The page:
Victim Race and Rape
Written by Elizabeth Kennedy
Research Analyst, Feminist Sexual Ethics Project
That a rape victim happens to be African American should have no effect on the prosecution, conviction, and sentencing of her attacker, but it does. An individual’s race should have no impact on her willingness to report a sexual assault, her acceptance of certain myths and stereotypes about rape, or her credibility and culpability, yet it seems to. While many studies have demonstrated a bias against African Americans as defendants in cases of rape and other violent crimes, a smaller, but still significant number, have sought to examine those junctures in the criminal justice system where victims are disadvantaged because they are black. Often at work within a complicated mix of factors, including defendant race, juror race, and the relationship between victim and defendant, victim race nevertheless affects outcomes at several critical phases in a rape prosecution.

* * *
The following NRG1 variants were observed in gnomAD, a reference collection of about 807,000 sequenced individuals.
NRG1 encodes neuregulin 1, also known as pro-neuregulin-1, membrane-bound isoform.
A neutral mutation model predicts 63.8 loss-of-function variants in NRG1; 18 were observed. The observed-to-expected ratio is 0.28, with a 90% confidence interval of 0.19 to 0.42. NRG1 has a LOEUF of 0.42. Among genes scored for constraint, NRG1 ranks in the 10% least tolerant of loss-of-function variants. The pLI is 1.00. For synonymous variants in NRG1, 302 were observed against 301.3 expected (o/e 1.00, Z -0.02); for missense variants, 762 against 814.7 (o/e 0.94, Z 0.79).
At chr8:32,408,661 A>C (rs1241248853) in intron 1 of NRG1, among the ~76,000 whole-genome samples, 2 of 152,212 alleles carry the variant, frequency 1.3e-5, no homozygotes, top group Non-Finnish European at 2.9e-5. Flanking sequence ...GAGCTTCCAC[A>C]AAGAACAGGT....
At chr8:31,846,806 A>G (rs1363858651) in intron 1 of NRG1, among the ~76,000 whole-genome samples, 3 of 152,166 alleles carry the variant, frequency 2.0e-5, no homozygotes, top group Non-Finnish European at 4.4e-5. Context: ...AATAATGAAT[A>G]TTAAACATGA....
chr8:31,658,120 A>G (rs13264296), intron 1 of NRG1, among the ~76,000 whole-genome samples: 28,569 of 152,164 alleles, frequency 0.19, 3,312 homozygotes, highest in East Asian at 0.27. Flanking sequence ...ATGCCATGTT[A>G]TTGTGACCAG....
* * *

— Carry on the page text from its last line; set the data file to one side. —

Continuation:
The story of the disparate treatment of African American rape victims must begin with slavery. While the connection is not necessarily clear cut, slavery and its legacy of bigotry and sexual violence likely play key roles in the continuing discrimination against black rape victims. In the antebellum South, the rape of enslaved black women—by enslaved men or by white men—was commonplace, but it was not a crime. The law simply gave human property no protection from sexual assault; even free black women had little recourse, as the inability of black people to testify in court or to serve on juries would have made successful prosecutions of their assailants impossible. Some of the same stereotypes that justified slavery in the first place—that black people required the civilizing influence of subjugation to tame their sexual appetites—were pressed into the service of rationalizing these rapes: because the rape laws of that time denied protection to all unchaste women, black women, according to the stereotypes employed by their white masters, could simply never fall within the law’s ambit. The rape of enslaved women also had a powerful economic justification: a child inherited the legal status of its mother, not its father—rape thus became a tool for increasing the labor force. After the Civil War rape laws became race neutral, yet prosecutors, judges, and juries were slow to punish the assailants of black women. Outside the courtroom, the rape of African American women became a tool for inspiring terror and ensuring continued subordination in the Reconstruction South. Only slowly did prosecutions for the rape of African American women become common, yet inequality persisted: until the Supreme Court struck down the use of the death penalty as punishment for rape, defendants convicted of raping a white woman received the penalty far oftener than those convicted of raping an African American.